While there aren’t as many days in Phoenix Valley that get frost per year, it does happen. If your plants are damaged by frost it can seriously harm or kill them. This means you won’t have the fresh fruit or vegetables you expect from your garden. Learn how to protect plants from frost in the Phoenix Valley.
Protecting Plants From Frost
In the Phoenix Valley the average first day of frost varies from Nov 21st in Buckeye to around December 12th in central Phoenix. End of frost risk days also vary throughout the valley from around the 3rd of April in Mesa and 7th of February in central Phoenix. The difference in climate is due to a number of factors such as population density, pavement, concrete, and elevation.
While the average lows hover around in the 40’s during the colder parts of the year, serious gardeners will want to prepare for the occasional winter frost. To do so you need to understand cold weather, how plants react to cold, the transfer of heat, how to avoid frost damage, frost damage symptoms, and how to treat plants that have been damaged by frost.
Understanding how cold weather, wind, humidity, and heat loss is important to preventing frost in your garden. Knowing when to take action and the factors that will affect the risk for frost will help you protect your hard work and investment.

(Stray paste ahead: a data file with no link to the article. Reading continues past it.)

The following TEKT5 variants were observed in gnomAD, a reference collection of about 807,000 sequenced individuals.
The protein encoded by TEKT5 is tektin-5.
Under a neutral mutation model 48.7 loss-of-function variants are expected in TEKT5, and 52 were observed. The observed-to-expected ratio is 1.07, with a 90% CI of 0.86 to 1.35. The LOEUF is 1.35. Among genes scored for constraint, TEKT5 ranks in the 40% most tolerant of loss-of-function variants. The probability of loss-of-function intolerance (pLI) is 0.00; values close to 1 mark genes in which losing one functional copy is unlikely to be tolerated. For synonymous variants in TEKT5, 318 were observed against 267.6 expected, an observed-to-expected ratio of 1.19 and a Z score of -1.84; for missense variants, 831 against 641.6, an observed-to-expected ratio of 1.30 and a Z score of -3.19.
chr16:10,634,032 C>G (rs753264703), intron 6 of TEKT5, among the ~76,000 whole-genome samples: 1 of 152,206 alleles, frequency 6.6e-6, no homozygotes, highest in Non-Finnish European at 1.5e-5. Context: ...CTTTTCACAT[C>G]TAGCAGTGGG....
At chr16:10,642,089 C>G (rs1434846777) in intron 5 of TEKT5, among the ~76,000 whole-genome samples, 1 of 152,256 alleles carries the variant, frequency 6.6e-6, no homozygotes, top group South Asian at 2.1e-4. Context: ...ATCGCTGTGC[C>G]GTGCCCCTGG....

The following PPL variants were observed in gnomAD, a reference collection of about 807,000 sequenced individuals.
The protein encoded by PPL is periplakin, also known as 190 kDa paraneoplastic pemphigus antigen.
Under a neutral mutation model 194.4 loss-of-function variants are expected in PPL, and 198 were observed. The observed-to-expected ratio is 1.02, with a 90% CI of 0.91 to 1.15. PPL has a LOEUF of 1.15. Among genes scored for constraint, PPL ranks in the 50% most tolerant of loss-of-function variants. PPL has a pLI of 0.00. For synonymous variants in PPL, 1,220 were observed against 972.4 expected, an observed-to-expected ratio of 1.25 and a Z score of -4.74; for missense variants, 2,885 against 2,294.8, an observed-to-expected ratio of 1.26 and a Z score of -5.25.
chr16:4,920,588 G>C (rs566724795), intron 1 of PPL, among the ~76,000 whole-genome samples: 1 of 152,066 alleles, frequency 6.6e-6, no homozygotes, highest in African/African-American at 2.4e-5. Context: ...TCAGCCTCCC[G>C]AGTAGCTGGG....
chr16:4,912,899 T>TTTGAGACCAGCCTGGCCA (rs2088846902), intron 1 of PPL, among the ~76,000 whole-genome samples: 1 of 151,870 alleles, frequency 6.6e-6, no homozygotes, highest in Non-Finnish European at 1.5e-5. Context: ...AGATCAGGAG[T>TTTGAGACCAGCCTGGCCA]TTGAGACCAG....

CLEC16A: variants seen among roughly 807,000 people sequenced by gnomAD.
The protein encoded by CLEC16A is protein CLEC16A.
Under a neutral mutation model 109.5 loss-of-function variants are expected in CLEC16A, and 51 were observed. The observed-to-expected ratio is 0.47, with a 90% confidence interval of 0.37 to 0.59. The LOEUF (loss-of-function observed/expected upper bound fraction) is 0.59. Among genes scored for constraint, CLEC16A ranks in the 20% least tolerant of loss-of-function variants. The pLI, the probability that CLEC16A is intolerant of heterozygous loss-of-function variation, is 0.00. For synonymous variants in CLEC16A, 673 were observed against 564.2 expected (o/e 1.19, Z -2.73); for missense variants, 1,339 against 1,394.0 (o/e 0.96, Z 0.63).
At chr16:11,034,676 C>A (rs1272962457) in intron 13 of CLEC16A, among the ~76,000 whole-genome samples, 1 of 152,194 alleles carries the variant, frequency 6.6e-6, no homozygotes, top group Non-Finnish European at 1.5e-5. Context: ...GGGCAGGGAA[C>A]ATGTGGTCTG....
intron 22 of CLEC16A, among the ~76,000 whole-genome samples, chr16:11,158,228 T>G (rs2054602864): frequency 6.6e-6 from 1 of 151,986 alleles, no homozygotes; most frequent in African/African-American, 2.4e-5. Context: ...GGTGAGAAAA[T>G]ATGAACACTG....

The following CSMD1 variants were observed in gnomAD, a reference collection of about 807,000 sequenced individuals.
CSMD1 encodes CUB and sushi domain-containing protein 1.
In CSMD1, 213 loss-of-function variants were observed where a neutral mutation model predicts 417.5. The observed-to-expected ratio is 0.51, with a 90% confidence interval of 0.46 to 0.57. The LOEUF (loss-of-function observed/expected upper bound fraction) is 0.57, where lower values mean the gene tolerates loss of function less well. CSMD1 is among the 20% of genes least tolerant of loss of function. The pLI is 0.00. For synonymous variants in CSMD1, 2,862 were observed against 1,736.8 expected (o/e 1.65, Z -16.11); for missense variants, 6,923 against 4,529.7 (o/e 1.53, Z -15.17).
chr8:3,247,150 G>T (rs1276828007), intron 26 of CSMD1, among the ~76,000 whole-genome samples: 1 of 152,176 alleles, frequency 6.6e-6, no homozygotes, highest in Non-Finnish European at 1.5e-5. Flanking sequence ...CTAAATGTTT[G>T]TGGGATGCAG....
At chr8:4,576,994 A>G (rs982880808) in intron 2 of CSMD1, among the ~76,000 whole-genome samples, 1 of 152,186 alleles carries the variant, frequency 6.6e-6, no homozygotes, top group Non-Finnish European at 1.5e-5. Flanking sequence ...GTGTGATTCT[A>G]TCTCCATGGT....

- During the day the sun warms soil and then that heat is radiated into the cool atmosphere at might.
- The coldest part of virtually every day is just before daybreak
- Cloudy nights insulate and reflect that heat back down.
- The greatest risk for frost is on calm clear nights. This is because there is no wind to mix warmer air and no clouds to reflect heat back down.
- Humidity dictates how slowly the temperature can change. The drier the air the faster the temperature can swing low at night. This is obviously a major factor for the Phoenix Valley with our arid climate.
- By comparing the temperatures reported on the news verses temperature readings you collect in your garden you can predict potential frost nights. If the news is consistently 5 degrees higher, you know you should expect frost event when the news says it will be 37°F.
- Cold air always flows downward through canyons and even around your landscape. That means that if you have a slope or low point in your garden this section is at greater risk.
- While some winds might help bring warmer air cold north winds during the winter can compound the heat loss in your garden.
How Plants React To Cold
The way that plants react to cold will vary with a few different factors. Plants of different kinds, age, stage of growth, water content, and general health will react differently. The plants that are dehydrated, actively growing, flowering, or are young will be more vulnerable to frost. While short days and colder weather typically put most plants in a state of dormancy, it is not always the case in Phoenix as we do have some unseasonably warm days. This increases the need to be vigilant in preventing frost if your plants are actively growing during frost risk days of winter.